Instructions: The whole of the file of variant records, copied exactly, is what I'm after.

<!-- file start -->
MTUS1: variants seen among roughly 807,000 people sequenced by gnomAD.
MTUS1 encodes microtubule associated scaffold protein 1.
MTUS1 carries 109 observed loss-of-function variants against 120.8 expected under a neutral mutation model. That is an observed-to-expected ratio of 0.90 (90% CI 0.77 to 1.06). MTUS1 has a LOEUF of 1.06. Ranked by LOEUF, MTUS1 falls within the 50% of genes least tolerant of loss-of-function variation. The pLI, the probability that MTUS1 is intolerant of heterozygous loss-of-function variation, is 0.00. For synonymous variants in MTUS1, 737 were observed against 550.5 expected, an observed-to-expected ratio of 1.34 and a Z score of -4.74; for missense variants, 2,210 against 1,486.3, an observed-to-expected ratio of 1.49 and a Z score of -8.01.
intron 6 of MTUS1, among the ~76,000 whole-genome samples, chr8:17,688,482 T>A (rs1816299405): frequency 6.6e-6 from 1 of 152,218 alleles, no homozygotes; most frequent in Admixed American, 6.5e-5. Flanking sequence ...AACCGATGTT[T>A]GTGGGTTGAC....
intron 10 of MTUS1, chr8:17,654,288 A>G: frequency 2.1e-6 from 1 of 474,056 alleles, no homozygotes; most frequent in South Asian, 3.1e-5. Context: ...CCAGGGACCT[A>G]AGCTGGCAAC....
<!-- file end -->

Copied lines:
MTUS1: variants seen among roughly 807,000 people sequenced by gnomAD.
MTUS1 encodes microtubule associated scaffold protein 1.
MTUS1 carries 109 observed loss-of-function variants against 120.8 expected under a neutral mutation model. That is an observed-to-expected ratio of 0.90 (90% CI 0.77 to 1.06). MTUS1 has a LOEUF of 1.06. Ranked by LOEUF, MTUS1 falls within the 50% of genes least tolerant of loss-of-function variation. The pLI, the probability that MTUS1 is intolerant of heterozygous loss-of-function variation, is 0.00. For synonymous variants in MTUS1, 737 were observed against 550.5 expected, an observed-to-expected ratio of 1.34 and a Z score of -4.74; for missense variants, 2,210 against 1,486.3, an observed-to-expected ratio of 1.49 and a Z score of -8.01.
intron 6 of MTUS1, among the ~76,000 whole-genome samples, chr8:17,688,482 T>A (rs1816299405): frequency 6.6e-6 from 1 of 152,218 alleles, no homozygotes; most frequent in Admixed American, 6.5e-5. Flanking sequence ...AACCGATGTT[T>A]GTGGGTTGAC....
intron 10 of MTUS1, chr8:17,654,288 A>G: frequency 2.1e-6 from 1 of 474,056 alleles, no homozygotes; most frequent in South Asian, 3.1e-5. Context: ...CCAGGGACCT[A>G]AGCTGGCAAC....